Subject: ADFF Newsletter 9 26 2011

Dear Friend,

Mark your calendars!  The 3rd Annual Architecture & Design Film Festival comes back to Tribeca Cinemas on October 19-23 with a great new lineup of films, panels and talkbacks.

Tickets are now available at, or at the Tribeca Cinemas box office (54 Varick Street).

Ticket prices: $13 for general admission, $11 for AIA members and $8 for students. Group ticket packages are also available.


Archtober is Architecture and Design Month New York City, October 2011! ADFF is proud to participate in the inaugural month-long festival that features 31 Days/31+ Organizations full of architecture activities, programs and exhibitions.

Archtober Mission: 

Archtober presents special tours, lectures, films and exhibitions that focus on the importance of architecture and design in everyday life. The many participating organizations aim to raise awareness of the important role of design in our city and to build a lasting civic and international recognition of the richness of New York's built environment. Special programming every day of the month and access to sites, and their architects, will bring new audiences to all of the participating organizations -- all of whom are committed to New York and promoting design excellence.

Some of the Archtober Highlights include:

Oct 5
BMW Guggenheim Lab Presents:Screening: End of Suburbia

Oct 12
Architects League of NY Presents:

A Lecture by Jeanne Gang 

Oct  15 & 16
Open House New York Weekend

Oct 15
Cooper-Hewitt, National Design Museum, Smithsonian Presents: 
Design with the Other 90%: CITIESAt the United Nations Lobby, Main Gallery

Oct 25
AIANY/Center for Architecture Presents:Book Talk: David Byrne in Conversation with Janette Sadik-Khan

Oct 31
The Museum of Modern Art Presents:The Magic of Plywood Lecture

Unfinished Spaces

Directed by: Alysa Nahmias and Benjamin Murray

ADFF’s opening night film, “Unfinished Spaces,” concerns the utopian fantasy that swept Cuba when Castro came to power and commissioned an arts school complex that was meant to be “the most beautiful” in the world.  Ultimately, the buildings were left unfinished for more than 30 years and upended the careers of the three young architects who participated in the project.  The World Monuments Fund became involved in the restoration of the buildings, and Castro decided to finish the project in 2004.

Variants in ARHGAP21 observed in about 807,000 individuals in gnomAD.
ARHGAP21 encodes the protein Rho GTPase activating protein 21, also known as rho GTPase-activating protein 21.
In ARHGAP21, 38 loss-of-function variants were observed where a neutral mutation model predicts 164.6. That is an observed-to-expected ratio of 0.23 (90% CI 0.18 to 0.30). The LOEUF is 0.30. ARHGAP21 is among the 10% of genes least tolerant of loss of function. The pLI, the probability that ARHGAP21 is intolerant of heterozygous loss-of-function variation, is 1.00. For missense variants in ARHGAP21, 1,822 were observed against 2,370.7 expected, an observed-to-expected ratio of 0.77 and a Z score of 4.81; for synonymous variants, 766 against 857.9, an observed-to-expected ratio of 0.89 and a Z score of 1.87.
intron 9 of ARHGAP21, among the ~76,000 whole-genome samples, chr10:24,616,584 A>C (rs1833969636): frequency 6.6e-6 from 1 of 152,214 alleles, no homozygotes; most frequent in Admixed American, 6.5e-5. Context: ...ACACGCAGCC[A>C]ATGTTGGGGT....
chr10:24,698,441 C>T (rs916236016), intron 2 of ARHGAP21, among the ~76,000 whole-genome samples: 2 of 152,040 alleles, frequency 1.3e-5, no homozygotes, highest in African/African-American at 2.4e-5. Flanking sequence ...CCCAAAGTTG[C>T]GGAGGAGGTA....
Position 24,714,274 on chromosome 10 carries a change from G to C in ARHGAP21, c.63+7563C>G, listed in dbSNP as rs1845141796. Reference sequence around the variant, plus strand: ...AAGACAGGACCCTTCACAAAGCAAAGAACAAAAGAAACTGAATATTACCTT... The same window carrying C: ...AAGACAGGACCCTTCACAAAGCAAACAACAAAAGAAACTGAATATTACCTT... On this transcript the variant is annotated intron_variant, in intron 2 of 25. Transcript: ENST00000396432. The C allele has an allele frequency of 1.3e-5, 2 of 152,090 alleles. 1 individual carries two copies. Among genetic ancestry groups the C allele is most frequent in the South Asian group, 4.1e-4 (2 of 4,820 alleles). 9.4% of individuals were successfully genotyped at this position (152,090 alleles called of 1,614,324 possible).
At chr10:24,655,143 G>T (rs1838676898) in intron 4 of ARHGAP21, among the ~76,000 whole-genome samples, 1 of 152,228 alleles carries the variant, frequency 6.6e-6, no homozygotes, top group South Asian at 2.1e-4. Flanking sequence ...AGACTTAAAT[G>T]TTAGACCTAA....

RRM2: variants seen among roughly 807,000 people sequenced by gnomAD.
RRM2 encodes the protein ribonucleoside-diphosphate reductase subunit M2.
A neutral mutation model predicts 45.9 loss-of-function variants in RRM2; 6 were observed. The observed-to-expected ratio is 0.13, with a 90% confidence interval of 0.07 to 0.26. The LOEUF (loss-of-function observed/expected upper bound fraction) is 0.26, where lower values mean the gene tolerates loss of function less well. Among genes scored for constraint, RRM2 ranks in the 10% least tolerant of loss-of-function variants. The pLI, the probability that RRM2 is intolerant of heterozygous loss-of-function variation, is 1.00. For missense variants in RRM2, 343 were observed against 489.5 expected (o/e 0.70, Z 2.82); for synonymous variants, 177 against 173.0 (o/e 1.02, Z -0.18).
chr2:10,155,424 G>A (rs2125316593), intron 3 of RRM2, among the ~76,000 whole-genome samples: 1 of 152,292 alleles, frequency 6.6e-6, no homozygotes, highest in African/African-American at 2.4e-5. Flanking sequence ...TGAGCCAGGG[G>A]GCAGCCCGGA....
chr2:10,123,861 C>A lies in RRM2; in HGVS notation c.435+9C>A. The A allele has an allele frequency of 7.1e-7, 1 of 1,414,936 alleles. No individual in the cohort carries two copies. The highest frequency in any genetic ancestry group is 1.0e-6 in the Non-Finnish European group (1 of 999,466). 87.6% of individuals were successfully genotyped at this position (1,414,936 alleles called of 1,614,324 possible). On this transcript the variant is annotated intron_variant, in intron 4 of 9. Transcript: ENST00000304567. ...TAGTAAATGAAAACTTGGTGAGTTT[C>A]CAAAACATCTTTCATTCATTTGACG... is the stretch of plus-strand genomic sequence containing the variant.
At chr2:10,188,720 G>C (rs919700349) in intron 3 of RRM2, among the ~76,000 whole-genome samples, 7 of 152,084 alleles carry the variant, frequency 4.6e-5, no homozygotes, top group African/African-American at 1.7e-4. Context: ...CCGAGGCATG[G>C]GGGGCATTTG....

Lead Architect, Richard Porro (pictured below), now 86 years old, will be on hand for the opening night screenign of the film on October 19th!

 To purchase tickets for Unfinished Spaces  click here

 How Much Does Your Building Weigh, Mr. Foster?

Directed by: Carlos Carcas and Norberto Lopez Amad 

The film traces the rise of one of the world’s premier architects, Norman Foster and his unending quest to improve the quality of life through design. Portrayed are Foster’s origins and how his dreams and influences inspired the design of emblematic projects such as the largest building in the world Beijing Airport, the Reichstag, the Hearst Building in New York and works such as the tallest bridge ever in Millau France. In the very near future, the majority of mankind will abandon the countryside and live entirely in cities. Foster offers some striking solutions to the problems that this historic event will create.

To purchase tickets for How Much Does ...Mr. Foster?  click here

The Pruitt -Igoe Myth: An Urban History

Directed by: Chad Freidrichs